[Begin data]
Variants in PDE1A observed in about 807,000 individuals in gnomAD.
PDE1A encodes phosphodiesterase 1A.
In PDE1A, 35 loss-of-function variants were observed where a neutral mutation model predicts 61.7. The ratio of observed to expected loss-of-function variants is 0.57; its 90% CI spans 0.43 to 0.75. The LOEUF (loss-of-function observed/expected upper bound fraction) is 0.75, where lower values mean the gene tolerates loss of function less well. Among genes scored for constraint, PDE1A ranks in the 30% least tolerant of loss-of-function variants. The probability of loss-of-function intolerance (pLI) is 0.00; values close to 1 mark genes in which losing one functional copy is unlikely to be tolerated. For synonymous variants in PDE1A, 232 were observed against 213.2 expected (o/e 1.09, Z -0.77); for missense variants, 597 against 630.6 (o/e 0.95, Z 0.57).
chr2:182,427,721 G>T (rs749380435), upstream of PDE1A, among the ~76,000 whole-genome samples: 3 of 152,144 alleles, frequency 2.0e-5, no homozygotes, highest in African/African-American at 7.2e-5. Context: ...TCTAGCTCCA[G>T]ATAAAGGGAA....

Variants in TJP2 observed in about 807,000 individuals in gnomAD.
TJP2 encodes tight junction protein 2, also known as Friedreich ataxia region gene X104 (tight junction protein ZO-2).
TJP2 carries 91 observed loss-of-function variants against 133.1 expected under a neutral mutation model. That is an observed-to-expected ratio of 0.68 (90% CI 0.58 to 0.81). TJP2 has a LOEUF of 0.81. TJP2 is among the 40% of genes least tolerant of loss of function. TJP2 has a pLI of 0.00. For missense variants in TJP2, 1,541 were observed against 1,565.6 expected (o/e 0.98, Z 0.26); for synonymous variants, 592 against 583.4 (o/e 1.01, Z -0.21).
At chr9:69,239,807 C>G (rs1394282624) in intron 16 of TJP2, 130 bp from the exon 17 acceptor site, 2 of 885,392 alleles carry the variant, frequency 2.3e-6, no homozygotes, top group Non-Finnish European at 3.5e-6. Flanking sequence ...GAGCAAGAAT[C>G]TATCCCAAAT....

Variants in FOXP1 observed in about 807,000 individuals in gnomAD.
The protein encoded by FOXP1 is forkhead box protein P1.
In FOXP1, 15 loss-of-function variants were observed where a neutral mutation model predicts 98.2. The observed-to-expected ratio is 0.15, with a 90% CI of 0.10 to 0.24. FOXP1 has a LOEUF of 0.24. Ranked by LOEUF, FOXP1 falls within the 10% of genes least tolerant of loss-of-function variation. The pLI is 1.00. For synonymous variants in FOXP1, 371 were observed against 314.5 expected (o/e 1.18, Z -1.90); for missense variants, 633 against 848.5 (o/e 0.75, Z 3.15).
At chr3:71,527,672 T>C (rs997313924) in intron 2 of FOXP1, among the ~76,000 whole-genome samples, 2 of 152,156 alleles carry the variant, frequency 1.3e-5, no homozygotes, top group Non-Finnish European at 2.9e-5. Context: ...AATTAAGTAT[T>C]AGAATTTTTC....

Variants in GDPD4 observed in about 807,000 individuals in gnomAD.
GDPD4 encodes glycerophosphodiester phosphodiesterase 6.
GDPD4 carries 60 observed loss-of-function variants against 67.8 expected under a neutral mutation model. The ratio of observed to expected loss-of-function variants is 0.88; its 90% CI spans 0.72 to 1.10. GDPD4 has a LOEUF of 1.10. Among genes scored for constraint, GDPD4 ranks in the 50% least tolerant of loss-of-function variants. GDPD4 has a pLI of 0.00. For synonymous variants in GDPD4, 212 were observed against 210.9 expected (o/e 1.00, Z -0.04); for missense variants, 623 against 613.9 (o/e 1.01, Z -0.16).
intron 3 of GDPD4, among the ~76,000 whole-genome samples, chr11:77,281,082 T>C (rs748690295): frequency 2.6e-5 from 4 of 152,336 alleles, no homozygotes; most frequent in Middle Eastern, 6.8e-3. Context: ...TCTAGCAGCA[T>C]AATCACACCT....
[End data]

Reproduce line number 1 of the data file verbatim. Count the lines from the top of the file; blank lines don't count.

Variants in PDE1A observed in about 807,000 individuals in gnomAD.